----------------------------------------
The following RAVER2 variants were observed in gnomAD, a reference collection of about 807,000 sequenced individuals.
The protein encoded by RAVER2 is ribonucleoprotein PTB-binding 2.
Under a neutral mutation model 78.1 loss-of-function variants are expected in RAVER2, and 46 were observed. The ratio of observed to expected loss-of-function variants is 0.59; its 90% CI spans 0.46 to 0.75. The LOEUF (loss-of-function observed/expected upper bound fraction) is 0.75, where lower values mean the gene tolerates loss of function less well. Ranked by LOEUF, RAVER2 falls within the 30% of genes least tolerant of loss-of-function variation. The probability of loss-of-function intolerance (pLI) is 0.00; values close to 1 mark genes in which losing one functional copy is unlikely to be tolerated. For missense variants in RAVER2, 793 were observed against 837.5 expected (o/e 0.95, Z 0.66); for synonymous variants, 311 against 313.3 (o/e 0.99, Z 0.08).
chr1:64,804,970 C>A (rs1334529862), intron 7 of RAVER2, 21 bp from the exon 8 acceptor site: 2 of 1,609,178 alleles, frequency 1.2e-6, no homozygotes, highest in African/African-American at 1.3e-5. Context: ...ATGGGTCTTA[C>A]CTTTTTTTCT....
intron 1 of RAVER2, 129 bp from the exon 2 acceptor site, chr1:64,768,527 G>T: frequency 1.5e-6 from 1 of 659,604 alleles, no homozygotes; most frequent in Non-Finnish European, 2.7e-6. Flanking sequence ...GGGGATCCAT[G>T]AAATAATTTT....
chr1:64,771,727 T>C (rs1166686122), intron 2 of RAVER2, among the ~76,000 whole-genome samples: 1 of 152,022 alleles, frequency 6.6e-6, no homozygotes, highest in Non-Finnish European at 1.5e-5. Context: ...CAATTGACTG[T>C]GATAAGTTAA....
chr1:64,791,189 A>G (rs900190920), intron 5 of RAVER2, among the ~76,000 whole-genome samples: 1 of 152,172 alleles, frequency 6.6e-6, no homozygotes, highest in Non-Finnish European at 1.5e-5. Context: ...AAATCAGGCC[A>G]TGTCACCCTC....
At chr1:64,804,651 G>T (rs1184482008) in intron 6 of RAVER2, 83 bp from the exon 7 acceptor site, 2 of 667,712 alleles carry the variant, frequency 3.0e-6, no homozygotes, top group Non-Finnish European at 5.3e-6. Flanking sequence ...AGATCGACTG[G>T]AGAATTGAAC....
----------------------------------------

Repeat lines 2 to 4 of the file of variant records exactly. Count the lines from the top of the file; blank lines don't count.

The protein encoded by RAVER2 is ribonucleoprotein PTB-binding 2.
Under a neutral mutation model 78.1 loss-of-function variants are expected in RAVER2, and 46 were observed. The ratio of observed to expected loss-of-function variants is 0.59; its 90% CI spans 0.46 to 0.75. The LOEUF (loss-of-function observed/expected upper bound fraction) is 0.75, where lower values mean the gene tolerates loss of function less well. Ranked by LOEUF, RAVER2 falls within the 30% of genes least tolerant of loss-of-function variation. The probability of loss-of-function intolerance (pLI) is 0.00; values close to 1 mark genes in which losing one functional copy is unlikely to be tolerated. For missense variants in RAVER2, 793 were observed against 837.5 expected (o/e 0.95, Z 0.66); for synonymous variants, 311 against 313.3 (o/e 0.99, Z 0.08).
chr1:64,804,970 C>A (rs1334529862), intron 7 of RAVER2, 21 bp from the exon 8 acceptor site: 2 of 1,609,178 alleles, frequency 1.2e-6, no homozygotes, highest in African/African-American at 1.3e-5. Context: ...ATGGGTCTTA[C>A]CTTTTTTTCT....